Electoral shifts within Kahn’s district and national politics brought her House career to a close. From 1928 to 1932, the Democratic Party could not find a viable candidate and, thus, did not run any opposition against Kahn in the general election. In 1934, however, a strong challenge from Democrat Chauncy Tramutolo cut Kahn’s winning share of the vote to 48 percent. President Franklin D. Roosevelt’s 1936 re-election landslide swept congressional Democrats into office, and the San Francisco district was no exception to that trend. Progressive-Democrat Franck Roberts Havenner unseated Kahn by 58 percent to 40 percent of the vote.20

In 1937 Kahn retired to San Francisco, and her Nob Hill home was a gathering place for the city’s political elite. During the 1939 Golden Gate Exposition, she was named one of the 12 outstanding women in the state’s history. She remained active in civic affairs after she left Congress as a member of the National Council of Jewish Women and co-chair of the northern California chapter of the American Women’s Voluntary Service, a World War II citizen’s organization. Kahn continued her efforts to involve women in the political process and to assert their rights as citizens. “Women,” she argued, “must assume the responsibility of maintaining freedom of speech in this land. They must assume also the responsibility of the ballot through government study.”21 Kahn died in San Francisco, on November 16, 1948.


1For a video documentary on Florence Kahn’s early life and congressional career, see Office of the Historian, U.S. House of Representatives, “Florence Kahn: Congressional Widow to Trailblazing Lawmaker”; quotation from “Pictorial Review” used in Hope Chamberlin, A Minority of Members: Women in the U.S. Congress (New York: Praeger, 1973): 50.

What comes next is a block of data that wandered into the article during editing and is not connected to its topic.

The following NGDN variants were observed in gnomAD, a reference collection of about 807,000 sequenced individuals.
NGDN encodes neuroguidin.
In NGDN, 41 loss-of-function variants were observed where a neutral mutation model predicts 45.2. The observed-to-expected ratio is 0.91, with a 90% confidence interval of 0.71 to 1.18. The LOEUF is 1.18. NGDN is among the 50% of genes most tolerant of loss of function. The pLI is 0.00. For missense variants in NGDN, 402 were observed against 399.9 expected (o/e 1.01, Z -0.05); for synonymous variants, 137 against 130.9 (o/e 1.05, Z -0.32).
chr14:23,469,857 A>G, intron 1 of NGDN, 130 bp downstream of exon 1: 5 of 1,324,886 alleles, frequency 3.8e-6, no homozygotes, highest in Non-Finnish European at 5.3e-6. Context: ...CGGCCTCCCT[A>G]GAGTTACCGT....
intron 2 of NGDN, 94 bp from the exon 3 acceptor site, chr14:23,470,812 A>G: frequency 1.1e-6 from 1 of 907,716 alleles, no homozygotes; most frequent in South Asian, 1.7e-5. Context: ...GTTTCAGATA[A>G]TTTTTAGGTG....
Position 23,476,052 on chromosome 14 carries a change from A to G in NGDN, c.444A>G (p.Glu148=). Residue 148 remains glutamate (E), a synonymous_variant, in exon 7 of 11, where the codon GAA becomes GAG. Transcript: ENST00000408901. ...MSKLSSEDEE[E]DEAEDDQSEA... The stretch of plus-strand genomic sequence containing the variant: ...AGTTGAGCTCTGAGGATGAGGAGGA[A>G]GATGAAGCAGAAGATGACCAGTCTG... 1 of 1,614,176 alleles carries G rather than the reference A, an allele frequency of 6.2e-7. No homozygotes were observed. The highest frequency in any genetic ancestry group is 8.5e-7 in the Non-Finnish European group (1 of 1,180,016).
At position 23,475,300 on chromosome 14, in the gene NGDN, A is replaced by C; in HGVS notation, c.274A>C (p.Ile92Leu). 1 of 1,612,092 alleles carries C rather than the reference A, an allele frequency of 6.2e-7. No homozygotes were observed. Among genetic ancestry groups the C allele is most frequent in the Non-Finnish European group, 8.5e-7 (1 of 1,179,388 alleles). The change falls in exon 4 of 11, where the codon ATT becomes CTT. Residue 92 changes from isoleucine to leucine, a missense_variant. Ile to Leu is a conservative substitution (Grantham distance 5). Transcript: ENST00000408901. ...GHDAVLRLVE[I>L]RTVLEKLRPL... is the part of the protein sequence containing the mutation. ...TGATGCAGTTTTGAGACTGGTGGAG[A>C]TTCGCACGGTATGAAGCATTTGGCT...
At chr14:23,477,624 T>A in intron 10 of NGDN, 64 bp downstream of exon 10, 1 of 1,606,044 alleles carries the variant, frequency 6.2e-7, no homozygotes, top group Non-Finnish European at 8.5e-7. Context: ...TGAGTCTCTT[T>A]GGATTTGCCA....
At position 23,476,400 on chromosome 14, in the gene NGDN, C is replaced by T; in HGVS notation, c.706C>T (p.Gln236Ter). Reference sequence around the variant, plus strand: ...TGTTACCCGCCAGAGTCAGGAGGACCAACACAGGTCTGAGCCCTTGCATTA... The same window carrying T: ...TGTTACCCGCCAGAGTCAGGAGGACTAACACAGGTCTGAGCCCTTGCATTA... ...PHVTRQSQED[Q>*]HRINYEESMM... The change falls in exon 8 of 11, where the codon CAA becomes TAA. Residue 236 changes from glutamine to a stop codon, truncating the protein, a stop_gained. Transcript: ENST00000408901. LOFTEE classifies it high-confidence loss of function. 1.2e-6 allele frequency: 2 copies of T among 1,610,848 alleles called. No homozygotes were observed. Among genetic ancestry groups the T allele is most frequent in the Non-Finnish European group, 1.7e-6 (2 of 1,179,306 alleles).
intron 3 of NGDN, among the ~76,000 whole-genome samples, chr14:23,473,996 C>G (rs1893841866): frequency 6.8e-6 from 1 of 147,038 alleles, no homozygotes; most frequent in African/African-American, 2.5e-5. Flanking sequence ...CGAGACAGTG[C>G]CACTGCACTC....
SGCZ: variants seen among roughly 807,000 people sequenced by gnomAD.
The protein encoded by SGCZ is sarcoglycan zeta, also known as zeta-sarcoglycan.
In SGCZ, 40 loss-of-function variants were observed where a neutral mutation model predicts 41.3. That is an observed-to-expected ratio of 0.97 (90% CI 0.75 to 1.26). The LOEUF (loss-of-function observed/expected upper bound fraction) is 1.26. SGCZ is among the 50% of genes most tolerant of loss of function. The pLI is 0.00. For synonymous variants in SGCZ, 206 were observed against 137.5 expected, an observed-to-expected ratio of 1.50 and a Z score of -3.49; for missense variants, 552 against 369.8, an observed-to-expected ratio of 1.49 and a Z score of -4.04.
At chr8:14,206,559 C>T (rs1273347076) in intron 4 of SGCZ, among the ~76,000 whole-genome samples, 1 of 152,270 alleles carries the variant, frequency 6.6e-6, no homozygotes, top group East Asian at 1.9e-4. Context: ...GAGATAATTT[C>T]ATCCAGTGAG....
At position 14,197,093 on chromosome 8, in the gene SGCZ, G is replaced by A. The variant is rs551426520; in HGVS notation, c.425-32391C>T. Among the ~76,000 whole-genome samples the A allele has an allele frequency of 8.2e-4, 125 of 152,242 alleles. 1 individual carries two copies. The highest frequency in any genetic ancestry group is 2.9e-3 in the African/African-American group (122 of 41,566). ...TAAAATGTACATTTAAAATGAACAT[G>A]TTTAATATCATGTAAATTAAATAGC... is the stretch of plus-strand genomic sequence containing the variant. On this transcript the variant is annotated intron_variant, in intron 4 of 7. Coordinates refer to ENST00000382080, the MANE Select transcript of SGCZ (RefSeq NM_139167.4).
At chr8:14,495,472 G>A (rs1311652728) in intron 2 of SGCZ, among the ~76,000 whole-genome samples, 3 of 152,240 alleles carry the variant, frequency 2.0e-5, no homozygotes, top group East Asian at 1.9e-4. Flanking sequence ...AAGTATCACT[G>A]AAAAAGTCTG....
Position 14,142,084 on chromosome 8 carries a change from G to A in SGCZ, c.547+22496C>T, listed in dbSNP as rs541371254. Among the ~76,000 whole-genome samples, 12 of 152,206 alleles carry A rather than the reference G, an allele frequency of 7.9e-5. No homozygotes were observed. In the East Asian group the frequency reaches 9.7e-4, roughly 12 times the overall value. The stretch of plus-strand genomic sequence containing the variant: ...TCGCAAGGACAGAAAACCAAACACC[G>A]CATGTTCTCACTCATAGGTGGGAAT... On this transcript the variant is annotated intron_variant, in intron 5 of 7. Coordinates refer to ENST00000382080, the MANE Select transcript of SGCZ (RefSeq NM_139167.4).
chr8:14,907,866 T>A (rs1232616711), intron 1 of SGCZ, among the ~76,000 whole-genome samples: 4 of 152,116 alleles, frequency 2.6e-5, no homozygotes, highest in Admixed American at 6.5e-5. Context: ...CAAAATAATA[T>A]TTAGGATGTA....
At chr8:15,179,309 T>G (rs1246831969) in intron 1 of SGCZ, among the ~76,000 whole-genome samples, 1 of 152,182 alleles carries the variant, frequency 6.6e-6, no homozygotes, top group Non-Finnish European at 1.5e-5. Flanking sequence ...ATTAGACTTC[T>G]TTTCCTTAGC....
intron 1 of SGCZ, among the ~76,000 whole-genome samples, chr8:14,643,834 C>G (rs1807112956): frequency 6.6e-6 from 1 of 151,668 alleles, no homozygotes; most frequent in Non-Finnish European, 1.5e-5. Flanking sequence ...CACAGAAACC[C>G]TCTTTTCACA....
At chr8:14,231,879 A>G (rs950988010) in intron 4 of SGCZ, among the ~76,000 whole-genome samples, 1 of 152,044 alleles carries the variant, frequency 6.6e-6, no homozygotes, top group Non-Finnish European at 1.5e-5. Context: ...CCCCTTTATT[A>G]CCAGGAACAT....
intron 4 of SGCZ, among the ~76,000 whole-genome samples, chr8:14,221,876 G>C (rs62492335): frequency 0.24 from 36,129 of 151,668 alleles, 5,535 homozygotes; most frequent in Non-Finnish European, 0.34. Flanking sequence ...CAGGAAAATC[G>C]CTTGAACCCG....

2Glenna Matthews, “‘There Is No Sex in Citizenship ’: The Career of Congresswoman Florence Prag Kahn,” in We Have Come to Stay: American Women and Political Parties, 1880–1960 (Albuquerque, NM: University of New Mexico Press, 1999): 132, 134.

3Matthews, “There Is No Sex in Citizenship”: 131–132.

4Suzanne Pullen, “First Female California Representatives from the City; In 20’s, Two Women Succeeded Their Husbands in the House,” 10 November 2000, San Francisco Examiner: A7.

5Dorothy M. Brown, “Kahn, Florence Prag,” American National Biography 12 (New York: Oxford University Press, 1999): 334–335.

6“Julius Kahn Dies; Was Ill for a Year,” 19 December 1924, New York Times: 19.

7David G. Dalin, “Jewish and Non–Partisan Republicanism in San Francisco, 1911–1963,” American Jewish History 68 (1978): 492–495. In his article, Dalin argues that San Francisco Jews flocked to the Republican Party out of an interest to curb machine politics and because Jewish politicians had a history of holding prominent political positions in the region. He also contends that Jews of German descent such as Julius Kahn had a strong tradition of supporting the GOP.

8Matthews, “There Is No Sex in Citizenship”: 134–135.

9Michael J. Dubin, United States Congressional Elections, 1788–1997 (Jefferson, NC: McFarland & Company, Inc., Publishers, 1998): 458; Matthews, “There Is No Sex in Citizenship”: 134–135; “Mrs. Kahn Elected to Seat in House,” 18 February 1925, Washington Post: 1.

10Office of the Clerk, U.S. House of Representatives, “Election Statistics, 1920 to Present.”

11“In Our Pages 100, 75 and 50 Years Ago: 1925: Female Politician,” 3 March 2000, International Herald Tribune: opinion section, 6.

12Susan Tolchin, Women in Congress (Washington, DC: Government Printing Office, 1976): 41; between the 67th and 76th Congresses (1921–1941), five women served on the Indian Affairs Committee.

13Charles Stewart III, “Committee Hierarchies in the Modernizing House, 1875–1947,” American Journal of Political Science 36 (No. 4, November 1992): 835–856.